Way back in May of 2008, I wrote what I assumed would be my definitive post about outshooting and its connection with wins. The money graph was this:
The money paragraphs were probably these:
You’ll appreciate that the key number is the number at the bottom of that chart: teams that outshoot their opposition in a given game have earned an average of 1.122 pts/g since 1987-88; teams that get outshot by their opposition have earned an average of 0.952 pts/g since 1987-88. Compare this year’s 1.15/1.07 outshoot/outshot split with the split for home road teams, which was 1.18/1.04. In last year’s NHL, you’d be about as successful picking games if you knew before hand which team was at home as you would be if you knew which team was going to outshoot the other.
Two caveats about this post. First of all, this is as big picture as it gets. I’m not digging into the nitty gritty about game states here, which I think is incredibly important. Second, I haven’t looked at team specific cases, which will be topic of my next post on this subject. The most that I think can be drawn from this review is that, as a general principle, teams that outshoot their opposition in a given game have a better chance at success. That doesn’t establish that you can’t enjoy success despite getting habitually outshot. The real issue and (I think) the real reason why the Horcoff thread got so heated is that there’s a real question about whether or not you can build a team that gets habitually outshot, while enjoying tremendous success like the Oilers of the final quarter of 2007-08. It’s a question of relevance to persons with a vested interest in the performance of, say for example, the 2008-09 Edmonton Oilers.
We’re five years on now and a discussion with Eric Tulsky and an email exchange with Tom Benjamin have prompted me to re-visit this. Let’s look at what’s happened in the intervening five years.
Huh. Well that’s odd. OUTSHOOTING NO LONGER MATTERS. (Kidding – it does, as I’ll explain.) For a long time, outshooting the opposition was a pretty good indicator that you’d end up winning the game. For the past few real seasons, it hasn’t been. In 2007-08, teams averaged 96 points/82 games in which they outshot the opposition. By 2011-12, that fell to 91 points. In 2007-08, teams averaged 87 points/82 games in which they were outshot. By 2011-12, that had risen to 93 points.
It gets weirder though. How do we reconcile this with something that we know to be true: teams that outshoot overall at 5v5 are more likely to be playoff teams and, the stronger they are at that, the more likely they are to proceed in the playoffs?
Let’s drill down into two seasons for which detailed data is available: 2007-08 and 2011-12. In 2007-08, the historic pattern held and teams that outshot took more points. In 2011-12, it did not hold and teams that got outshot in a particular game took more points on average. We’ll start by looking at shots with the score tied and the record of the NHL in 2007-08 and 2011-12 when outshooting with the score tied versus being outshot.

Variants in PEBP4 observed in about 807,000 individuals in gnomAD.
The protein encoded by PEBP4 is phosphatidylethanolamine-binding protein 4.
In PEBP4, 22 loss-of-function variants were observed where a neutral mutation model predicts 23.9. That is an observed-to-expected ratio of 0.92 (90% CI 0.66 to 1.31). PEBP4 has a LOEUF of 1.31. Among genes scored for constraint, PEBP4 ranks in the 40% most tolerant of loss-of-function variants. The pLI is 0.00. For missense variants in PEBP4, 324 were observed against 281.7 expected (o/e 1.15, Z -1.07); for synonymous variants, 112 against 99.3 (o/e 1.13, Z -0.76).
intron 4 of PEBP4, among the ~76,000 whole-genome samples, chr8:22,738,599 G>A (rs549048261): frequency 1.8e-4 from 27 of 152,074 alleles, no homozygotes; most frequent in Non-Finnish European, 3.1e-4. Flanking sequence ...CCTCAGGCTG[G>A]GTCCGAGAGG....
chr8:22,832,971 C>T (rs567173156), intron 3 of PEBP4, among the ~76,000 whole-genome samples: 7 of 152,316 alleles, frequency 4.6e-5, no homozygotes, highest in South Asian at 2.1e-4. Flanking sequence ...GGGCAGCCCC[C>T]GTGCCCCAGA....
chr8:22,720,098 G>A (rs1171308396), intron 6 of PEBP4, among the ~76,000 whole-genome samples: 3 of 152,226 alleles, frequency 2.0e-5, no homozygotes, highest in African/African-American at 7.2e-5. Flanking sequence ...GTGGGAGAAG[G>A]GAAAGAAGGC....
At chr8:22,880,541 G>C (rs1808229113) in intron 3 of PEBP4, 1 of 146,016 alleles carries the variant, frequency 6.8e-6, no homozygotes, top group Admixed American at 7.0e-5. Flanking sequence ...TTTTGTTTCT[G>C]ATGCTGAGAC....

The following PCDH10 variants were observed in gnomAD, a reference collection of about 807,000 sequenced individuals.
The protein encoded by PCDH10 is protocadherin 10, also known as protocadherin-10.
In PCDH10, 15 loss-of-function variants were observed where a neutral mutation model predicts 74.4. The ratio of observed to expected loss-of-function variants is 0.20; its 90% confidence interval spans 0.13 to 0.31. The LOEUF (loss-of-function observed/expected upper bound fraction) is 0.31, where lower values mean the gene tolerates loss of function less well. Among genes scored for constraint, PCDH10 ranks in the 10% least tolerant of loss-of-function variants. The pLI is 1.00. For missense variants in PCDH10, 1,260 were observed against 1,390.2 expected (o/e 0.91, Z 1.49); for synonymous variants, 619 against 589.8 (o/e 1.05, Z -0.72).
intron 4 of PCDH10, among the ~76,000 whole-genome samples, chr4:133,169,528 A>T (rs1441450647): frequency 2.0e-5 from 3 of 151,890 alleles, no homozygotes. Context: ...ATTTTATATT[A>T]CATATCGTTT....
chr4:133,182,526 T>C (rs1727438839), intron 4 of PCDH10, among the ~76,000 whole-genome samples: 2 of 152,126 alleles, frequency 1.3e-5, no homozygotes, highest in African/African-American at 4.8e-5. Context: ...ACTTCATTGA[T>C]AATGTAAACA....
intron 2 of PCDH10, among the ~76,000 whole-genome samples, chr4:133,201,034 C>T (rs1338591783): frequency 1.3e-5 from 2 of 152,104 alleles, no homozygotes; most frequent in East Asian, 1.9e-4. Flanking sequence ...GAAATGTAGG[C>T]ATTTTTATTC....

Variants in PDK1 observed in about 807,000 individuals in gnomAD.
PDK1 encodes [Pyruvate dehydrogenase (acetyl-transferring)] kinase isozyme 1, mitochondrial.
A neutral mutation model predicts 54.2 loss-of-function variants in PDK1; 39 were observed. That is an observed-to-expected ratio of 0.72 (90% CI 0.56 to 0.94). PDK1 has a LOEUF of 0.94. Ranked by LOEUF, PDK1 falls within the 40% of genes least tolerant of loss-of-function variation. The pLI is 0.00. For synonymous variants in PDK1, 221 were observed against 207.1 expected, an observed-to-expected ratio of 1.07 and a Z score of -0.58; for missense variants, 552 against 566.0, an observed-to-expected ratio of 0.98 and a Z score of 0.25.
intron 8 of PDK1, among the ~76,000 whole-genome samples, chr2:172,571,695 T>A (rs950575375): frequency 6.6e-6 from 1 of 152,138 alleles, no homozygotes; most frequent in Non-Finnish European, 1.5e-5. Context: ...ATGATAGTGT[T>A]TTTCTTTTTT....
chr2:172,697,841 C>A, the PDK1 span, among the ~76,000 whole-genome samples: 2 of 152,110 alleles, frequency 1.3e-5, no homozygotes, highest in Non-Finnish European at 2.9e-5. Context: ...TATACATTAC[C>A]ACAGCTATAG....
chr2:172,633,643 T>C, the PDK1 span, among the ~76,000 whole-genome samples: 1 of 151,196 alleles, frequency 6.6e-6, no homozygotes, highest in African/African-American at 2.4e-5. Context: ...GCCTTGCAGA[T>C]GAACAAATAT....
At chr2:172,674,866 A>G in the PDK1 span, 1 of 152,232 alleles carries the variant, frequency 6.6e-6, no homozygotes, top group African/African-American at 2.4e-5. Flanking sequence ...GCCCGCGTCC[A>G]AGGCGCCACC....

Let me explain this. What I’ve done is sort each game based on whether one team outshot the other with the score tied. So in 2007-08, the teams with the most shots with the score tied went 729-292-113 for 1571 regulation points.
Some slight change but not very much. In 2007-08, teams averaged 114 points/82 games in which they outshot with the score tied. By 2011-12, that had fallen to 112 points. In 07-08, teams averaged 67 points/82 games in which they were outshot; in 2011-12, that rose to 72 points. The team that outshoots the opposition when the score is tied in a game takes way more points per game than the team that doesn’t. This is a kind of a critical point, because it’s the crux of the argument that outshooting matters.
One of the ideas I had was that the volume of shots with the score tied had changed. For example, maybe the 2007-08 Red Wings ran up bigger advantages in the shot count at score tied than the 2011-12 Red Wings. The problem with this thinking, as you’ve likely sussed out, is that assuming goals occur randomly, the 07-08 Red Wings would likely have just played less time with the score tied. If you score on one of every ten shots, it doesn’t really matter how fast you get to ten shots. Anyway, the data doesn’t really bear out this idea. In 2007-08, 37.1% of shots taken were taken with the score tied. In 2011-12, 36.9% of shots were taken with the score tied. This isn’t it.
Another idea – maybe the team outshoots when the score is tied in 2011-12 enjoys less of an advantage there than they did on average in 2007-08? We’ve heard lots about NHL parity; maybe the NHL’s parity means that that margin has narrowed?
Hmm. Those look pretty much bang on. In 2007-08, the teams that took more shots with the score tied in a game had a total of 61.3% of the score tied shots. In 2011-12 they had a total of 60.5% of the score tied shots. A little bit of change but not very much.
These posts have a tendency to turn into a wall of numbers, which makes them difficult to digest. As a result, I’m going to leave this one here. The point to take from this post is that outshooting with the score tied is a hugely valuable thing and that even though we saw teams do better when being outshot than outshooting in 2011-12, there’s been a negligible change to the results when the score is tied.
Next, we’ll see if we can’t identify what’s happened that resulted in teams being more likely to win when being outshot.Email Tyler Dellow at firstname.lastname@example.org